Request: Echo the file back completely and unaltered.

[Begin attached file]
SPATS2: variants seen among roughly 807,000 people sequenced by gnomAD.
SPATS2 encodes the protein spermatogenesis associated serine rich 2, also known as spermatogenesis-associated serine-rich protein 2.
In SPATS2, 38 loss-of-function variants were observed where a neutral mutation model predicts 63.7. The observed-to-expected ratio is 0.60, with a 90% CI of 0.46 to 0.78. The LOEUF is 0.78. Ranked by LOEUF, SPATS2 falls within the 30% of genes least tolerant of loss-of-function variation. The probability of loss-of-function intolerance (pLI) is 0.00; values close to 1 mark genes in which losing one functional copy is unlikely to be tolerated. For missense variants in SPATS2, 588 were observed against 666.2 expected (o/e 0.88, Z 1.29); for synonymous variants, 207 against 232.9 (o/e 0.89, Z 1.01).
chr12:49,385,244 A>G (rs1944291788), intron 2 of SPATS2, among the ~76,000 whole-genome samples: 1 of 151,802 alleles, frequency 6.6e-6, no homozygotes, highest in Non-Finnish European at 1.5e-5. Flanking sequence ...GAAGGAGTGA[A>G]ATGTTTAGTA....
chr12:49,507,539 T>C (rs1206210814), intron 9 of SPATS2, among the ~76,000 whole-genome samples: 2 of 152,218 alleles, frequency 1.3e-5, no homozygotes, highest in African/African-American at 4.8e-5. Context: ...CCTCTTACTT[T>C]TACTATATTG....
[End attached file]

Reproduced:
SPATS2: variants seen among roughly 807,000 people sequenced by gnomAD.
SPATS2 encodes the protein spermatogenesis associated serine rich 2, also known as spermatogenesis-associated serine-rich protein 2.
In SPATS2, 38 loss-of-function variants were observed where a neutral mutation model predicts 63.7. The observed-to-expected ratio is 0.60, with a 90% CI of 0.46 to 0.78. The LOEUF is 0.78. Ranked by LOEUF, SPATS2 falls within the 30% of genes least tolerant of loss-of-function variation. The probability of loss-of-function intolerance (pLI) is 0.00; values close to 1 mark genes in which losing one functional copy is unlikely to be tolerated. For missense variants in SPATS2, 588 were observed against 666.2 expected (o/e 0.88, Z 1.29); for synonymous variants, 207 against 232.9 (o/e 0.89, Z 1.01).
chr12:49,385,244 A>G (rs1944291788), intron 2 of SPATS2, among the ~76,000 whole-genome samples: 1 of 151,802 alleles, frequency 6.6e-6, no homozygotes, highest in Non-Finnish European at 1.5e-5. Flanking sequence ...GAAGGAGTGA[A>G]ATGTTTAGTA....
chr12:49,507,539 T>C (rs1206210814), intron 9 of SPATS2, among the ~76,000 whole-genome samples: 2 of 152,218 alleles, frequency 1.3e-5, no homozygotes, highest in African/African-American at 4.8e-5. Context: ...CCTCTTACTT[T>C]TACTATATTG....